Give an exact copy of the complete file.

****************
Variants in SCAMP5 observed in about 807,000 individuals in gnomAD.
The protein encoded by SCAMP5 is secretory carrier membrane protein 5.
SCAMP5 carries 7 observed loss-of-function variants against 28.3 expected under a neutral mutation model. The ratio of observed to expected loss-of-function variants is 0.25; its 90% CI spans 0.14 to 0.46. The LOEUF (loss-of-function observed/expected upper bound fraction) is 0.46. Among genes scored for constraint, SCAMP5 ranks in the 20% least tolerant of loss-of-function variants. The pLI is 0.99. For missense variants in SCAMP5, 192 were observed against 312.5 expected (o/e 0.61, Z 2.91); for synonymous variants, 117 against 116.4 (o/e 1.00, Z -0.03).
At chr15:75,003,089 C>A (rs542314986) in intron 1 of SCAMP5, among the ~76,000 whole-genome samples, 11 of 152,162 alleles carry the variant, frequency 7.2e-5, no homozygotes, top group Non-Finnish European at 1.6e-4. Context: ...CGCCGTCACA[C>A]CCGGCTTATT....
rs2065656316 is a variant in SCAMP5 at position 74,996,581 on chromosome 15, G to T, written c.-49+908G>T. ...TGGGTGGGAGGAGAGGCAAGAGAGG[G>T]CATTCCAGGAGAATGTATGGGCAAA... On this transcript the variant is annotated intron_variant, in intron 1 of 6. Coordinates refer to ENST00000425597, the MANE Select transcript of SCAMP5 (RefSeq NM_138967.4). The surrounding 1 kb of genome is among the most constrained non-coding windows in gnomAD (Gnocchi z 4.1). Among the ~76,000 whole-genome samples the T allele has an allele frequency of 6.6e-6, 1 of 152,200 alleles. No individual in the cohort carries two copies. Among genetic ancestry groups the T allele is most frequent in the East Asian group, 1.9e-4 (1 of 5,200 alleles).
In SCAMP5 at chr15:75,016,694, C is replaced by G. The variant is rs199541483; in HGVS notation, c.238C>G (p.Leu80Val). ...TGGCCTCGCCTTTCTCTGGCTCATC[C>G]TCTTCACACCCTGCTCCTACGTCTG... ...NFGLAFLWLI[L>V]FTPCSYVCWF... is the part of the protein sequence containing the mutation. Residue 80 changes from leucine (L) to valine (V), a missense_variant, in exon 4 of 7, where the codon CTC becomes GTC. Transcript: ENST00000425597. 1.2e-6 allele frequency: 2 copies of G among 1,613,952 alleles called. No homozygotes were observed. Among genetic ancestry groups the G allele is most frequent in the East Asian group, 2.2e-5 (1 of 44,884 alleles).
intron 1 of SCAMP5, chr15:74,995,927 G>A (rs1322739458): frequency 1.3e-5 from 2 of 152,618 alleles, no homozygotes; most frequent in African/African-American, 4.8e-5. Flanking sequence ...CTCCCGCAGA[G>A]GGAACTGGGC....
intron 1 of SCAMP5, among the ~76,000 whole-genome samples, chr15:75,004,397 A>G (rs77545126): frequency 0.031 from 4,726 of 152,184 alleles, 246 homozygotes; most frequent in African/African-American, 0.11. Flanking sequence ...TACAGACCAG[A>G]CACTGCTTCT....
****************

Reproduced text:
Variants in SCAMP5 observed in about 807,000 individuals in gnomAD.
The protein encoded by SCAMP5 is secretory carrier membrane protein 5.
SCAMP5 carries 7 observed loss-of-function variants against 28.3 expected under a neutral mutation model. The ratio of observed to expected loss-of-function variants is 0.25; its 90% CI spans 0.14 to 0.46. The LOEUF (loss-of-function observed/expected upper bound fraction) is 0.46. Among genes scored for constraint, SCAMP5 ranks in the 20% least tolerant of loss-of-function variants. The pLI is 0.99. For missense variants in SCAMP5, 192 were observed against 312.5 expected (o/e 0.61, Z 2.91); for synonymous variants, 117 against 116.4 (o/e 1.00, Z -0.03).
At chr15:75,003,089 C>A (rs542314986) in intron 1 of SCAMP5, among the ~76,000 whole-genome samples, 11 of 152,162 alleles carry the variant, frequency 7.2e-5, no homozygotes, top group Non-Finnish European at 1.6e-4. Context: ...CGCCGTCACA[C>A]CCGGCTTATT....
rs2065656316 is a variant in SCAMP5 at position 74,996,581 on chromosome 15, G to T, written c.-49+908G>T. ...TGGGTGGGAGGAGAGGCAAGAGAGG[G>T]CATTCCAGGAGAATGTATGGGCAAA... On this transcript the variant is annotated intron_variant, in intron 1 of 6. Coordinates refer to ENST00000425597, the MANE Select transcript of SCAMP5 (RefSeq NM_138967.4). The surrounding 1 kb of genome is among the most constrained non-coding windows in gnomAD (Gnocchi z 4.1). Among the ~76,000 whole-genome samples the T allele has an allele frequency of 6.6e-6, 1 of 152,200 alleles. No individual in the cohort carries two copies. Among genetic ancestry groups the T allele is most frequent in the East Asian group, 1.9e-4 (1 of 5,200 alleles).
In SCAMP5 at chr15:75,016,694, C is replaced by G. The variant is rs199541483; in HGVS notation, c.238C>G (p.Leu80Val). ...TGGCCTCGCCTTTCTCTGGCTCATC[C>G]TCTTCACACCCTGCTCCTACGTCTG... ...NFGLAFLWLI[L>V]FTPCSYVCWF... is the part of the protein sequence containing the mutation. Residue 80 changes from leucine (L) to valine (V), a missense_variant, in exon 4 of 7, where the codon CTC becomes GTC. Transcript: ENST00000425597. 1.2e-6 allele frequency: 2 copies of G among 1,613,952 alleles called. No homozygotes were observed. Among genetic ancestry groups the G allele is most frequent in the East Asian group, 2.2e-5 (1 of 44,884 alleles).
intron 1 of SCAMP5, chr15:74,995,927 G>A (rs1322739458): frequency 1.3e-5 from 2 of 152,618 alleles, no homozygotes; most frequent in African/African-American, 4.8e-5. Flanking sequence ...CTCCCGCAGA[G>A]GGAACTGGGC....
intron 1 of SCAMP5, among the ~76,000 whole-genome samples, chr15:75,004,397 A>G (rs77545126): frequency 0.031 from 4,726 of 152,184 alleles, 246 homozygotes; most frequent in African/African-American, 0.11. Flanking sequence ...TACAGACCAG[A>G]CACTGCTTCT....